5. Embellish the interior passageways.
  6. Exalted heavenly beings to whom harkened.
  7. Twelve o’clock on a clement night witnessed its arrival.
  8. The Christmas preceding all others.
  9. Small municipality in Judea southeast of Jerusalem.
  10. Diminutive masculine master of skin-covered percussionistic cylinders.
  11. Omnipotent supreme being who elicits respite to ecstatic distinguished males.
  12. Tranquillity upon the terrestrial sphere.
  13. Obese personification fabricated of compressed mounds of minute crystals.
  14. Expectation of arrival to populated area by mythical, masculine perennial gift giver.
  15. Natal celebration devoid of color, rather albino, as a hallucinatory phenomenon for me.
  16. In awe of the nocturnal time span characterized by religiosity.
  17. Geographic state of fantasy during the season of mother nature’s dormancy.
  18. The first person nominative plural of triumvirate of far eastern heads of state.
  19. Tintinnabulation of vacillating pendulums in inverted, metallic, resonant cups.
  20. In a distant location the existence of an improvised unit of newborn children’s slumber furniture.
  21. Proceed forth declaring upon a specific geological alpine formation.
  22. Jovial Yuletide desired for the second person singular or plural by us.

If you reach saturation point guessing these, scroll down past the picture for the answers.

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  1. Oh Come All Ye Faithful
  2. Hark the Herald Angels Sing
  3. Silent Night
  4. Joy to the World
  5. Deck the Halls
  6. Angels We Have Heard on High
  7. It Came Upon a Midnight Clear
  8. The First Noel
  9. Oh Little Town of Bethlehem
  10. Little Drummerboy
  11. God Rest Ye Merry Gentlemen
  12. Peace on Earth
  13. Frosty the Snowman
  14. Santa Claus is Coming to Town
  15. White Christmas
  16. Oh Holy Night
  17. Winter Wonderland
  18. We Three Kings
  19. Jingle Bells
  20. Away in a Manger
  21. Go Tell It on a Mountain
  22. We Wish You a Merry Christmas

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Filed under humour

A limerick for all occasions, but in a dictionary?

spaceodyssey

In the spirit of holidays, I thought I’d tone down the intensity of my posts – seriousness interfering with the holiday spirit…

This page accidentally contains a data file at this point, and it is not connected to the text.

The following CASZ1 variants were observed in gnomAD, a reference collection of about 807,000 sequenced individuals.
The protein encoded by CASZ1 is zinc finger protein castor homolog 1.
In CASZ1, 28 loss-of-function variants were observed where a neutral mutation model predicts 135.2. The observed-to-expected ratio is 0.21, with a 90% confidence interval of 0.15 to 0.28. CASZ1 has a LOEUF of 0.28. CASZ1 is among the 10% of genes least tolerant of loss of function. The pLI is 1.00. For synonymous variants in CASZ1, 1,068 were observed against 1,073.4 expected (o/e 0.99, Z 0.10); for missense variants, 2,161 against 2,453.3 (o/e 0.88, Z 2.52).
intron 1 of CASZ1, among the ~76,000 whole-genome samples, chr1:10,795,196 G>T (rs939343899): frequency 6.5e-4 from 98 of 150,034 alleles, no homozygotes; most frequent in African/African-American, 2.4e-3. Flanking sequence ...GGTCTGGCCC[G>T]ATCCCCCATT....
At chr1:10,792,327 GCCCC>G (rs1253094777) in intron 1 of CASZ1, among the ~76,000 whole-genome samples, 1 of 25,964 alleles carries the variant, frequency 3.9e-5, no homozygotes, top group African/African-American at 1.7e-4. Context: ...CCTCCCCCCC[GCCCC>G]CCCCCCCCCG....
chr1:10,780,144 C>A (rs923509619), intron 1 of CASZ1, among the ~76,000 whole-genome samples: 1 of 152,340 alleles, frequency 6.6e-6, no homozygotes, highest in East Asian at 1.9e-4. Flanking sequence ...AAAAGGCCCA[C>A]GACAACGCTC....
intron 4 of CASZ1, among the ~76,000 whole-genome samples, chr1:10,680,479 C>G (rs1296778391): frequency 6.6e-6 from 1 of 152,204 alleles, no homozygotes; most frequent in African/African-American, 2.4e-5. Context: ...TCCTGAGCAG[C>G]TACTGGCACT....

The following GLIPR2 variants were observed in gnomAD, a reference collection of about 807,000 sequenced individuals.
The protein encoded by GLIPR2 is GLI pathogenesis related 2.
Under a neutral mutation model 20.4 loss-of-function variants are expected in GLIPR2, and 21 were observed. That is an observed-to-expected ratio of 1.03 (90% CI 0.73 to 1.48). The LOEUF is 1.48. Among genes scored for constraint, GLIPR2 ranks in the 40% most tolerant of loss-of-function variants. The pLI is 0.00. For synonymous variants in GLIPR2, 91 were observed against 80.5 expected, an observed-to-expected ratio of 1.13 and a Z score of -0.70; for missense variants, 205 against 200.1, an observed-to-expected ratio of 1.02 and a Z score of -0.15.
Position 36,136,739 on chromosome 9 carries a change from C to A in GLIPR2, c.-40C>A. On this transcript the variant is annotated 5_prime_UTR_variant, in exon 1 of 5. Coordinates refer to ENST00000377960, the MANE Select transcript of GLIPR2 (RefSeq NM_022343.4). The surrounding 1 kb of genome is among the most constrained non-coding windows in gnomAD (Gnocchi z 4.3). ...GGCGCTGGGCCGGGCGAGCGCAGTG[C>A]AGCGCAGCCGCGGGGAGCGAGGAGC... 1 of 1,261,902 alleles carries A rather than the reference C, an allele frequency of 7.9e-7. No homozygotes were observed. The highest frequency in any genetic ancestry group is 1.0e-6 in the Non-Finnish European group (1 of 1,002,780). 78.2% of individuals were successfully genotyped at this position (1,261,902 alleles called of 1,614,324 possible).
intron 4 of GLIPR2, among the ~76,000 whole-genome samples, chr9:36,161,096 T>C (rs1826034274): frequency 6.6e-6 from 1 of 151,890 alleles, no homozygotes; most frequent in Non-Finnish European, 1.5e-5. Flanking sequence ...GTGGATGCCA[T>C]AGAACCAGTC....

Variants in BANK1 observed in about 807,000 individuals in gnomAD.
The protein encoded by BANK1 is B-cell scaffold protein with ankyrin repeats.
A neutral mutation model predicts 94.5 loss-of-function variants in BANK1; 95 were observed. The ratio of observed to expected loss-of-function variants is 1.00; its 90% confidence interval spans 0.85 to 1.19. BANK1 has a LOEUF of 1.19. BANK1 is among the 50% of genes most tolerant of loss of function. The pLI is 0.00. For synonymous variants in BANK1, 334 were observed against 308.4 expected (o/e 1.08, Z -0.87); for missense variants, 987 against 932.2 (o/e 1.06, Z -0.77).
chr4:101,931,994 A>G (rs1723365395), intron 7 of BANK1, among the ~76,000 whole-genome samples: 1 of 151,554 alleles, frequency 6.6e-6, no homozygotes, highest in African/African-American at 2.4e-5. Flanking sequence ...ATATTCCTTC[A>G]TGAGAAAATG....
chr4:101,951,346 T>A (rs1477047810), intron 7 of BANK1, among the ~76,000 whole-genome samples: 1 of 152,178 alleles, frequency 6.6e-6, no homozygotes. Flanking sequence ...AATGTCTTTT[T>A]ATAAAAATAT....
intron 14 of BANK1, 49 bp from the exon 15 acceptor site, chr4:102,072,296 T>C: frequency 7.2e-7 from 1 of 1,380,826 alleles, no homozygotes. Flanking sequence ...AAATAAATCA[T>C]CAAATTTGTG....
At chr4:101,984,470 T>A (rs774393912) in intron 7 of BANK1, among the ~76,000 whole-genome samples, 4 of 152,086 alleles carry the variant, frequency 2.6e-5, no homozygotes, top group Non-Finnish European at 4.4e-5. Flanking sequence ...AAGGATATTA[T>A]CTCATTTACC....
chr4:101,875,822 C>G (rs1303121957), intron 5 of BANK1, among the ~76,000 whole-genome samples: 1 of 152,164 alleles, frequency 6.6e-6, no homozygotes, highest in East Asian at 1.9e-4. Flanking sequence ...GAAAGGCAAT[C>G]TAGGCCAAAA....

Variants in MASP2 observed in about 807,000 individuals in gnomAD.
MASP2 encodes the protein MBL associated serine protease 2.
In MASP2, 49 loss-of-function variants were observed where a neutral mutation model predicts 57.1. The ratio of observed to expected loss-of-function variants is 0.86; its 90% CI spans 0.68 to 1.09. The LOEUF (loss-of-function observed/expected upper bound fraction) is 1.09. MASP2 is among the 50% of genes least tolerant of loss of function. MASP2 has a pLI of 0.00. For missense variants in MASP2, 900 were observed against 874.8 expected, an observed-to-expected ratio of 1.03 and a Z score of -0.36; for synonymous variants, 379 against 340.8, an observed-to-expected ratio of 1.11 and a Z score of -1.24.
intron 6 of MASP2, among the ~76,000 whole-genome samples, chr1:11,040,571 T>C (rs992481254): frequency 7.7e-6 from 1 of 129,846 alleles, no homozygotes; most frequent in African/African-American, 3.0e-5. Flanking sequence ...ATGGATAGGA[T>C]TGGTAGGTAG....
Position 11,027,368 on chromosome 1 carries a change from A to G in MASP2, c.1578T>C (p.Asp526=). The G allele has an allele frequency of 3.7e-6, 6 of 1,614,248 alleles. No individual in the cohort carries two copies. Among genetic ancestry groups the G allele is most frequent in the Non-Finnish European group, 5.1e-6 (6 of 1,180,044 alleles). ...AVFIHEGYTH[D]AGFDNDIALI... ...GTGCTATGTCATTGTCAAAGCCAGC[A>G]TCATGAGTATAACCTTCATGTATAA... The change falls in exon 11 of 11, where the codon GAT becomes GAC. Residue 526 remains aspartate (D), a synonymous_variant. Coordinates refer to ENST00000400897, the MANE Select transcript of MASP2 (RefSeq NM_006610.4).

Reading through Articulate, I found The Omnificent English Dictionary In Limerick Form (OEDILF).

The goal of The OEDILF, our online limerictionary, is to write at least one limerick for each and every meaning of each and every word in the English language. Our best limericks will clearly define their words in a humorous or interesting way, although some may provide more entertainment than definition, or vice versa.

Look up a word, browse by author or topic/genre, or join the project to submit original limericks.

There’s an impressive list of topics/genres.

Here’s an example of what you’ll find:

If you look up the word anticlimactic, you find this limerick:

In picking up women, my tactic?

I promise adventures galactic

We watch Lost in space

When we’re back at my place

Which they find to be anticlimactic

 

Here is one result for genres: science fiction:  

asphyxiate by mephistopheles (Limerick #8004)

Though you’re weightless and moving with grace,

You’ll asphyxiate here, out in space.

Is your very best pal

a computer named Hal?

You could die here and leave not a trace.

 

And some background is included:  In Stanley Kubrick’s classic 1968 film, 2001, a Space Odyssey, an astronaut, Dave, was famously locked out of the spaceship by a malfunctioning computer named Hal. If Dave had not succeeded in getting back onto the ship, he would have died when he ran out of air.

Lots of possibilties with this dictionary, both educational and recreational. For the sake of holidays I’ll abstain from the usual heavy-handed instructions.

One more under ‘ballet’

Her willowy arms flutter slightly,
Her feathered white head drops down lightly.
Alas for Odette,
Men who love soon forget.
Thus, she’s dying in Swan Lake once nightly.
…Except on Mondays, and twice on matinees.

There.

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Filed under 21st century learning, creativity, Education, humour, play, poetry, writing

Just do it – together

Allanah King  has made a lot of people smile with her collaborative project dance video. See if you can keep a straight face.

Allanah commented: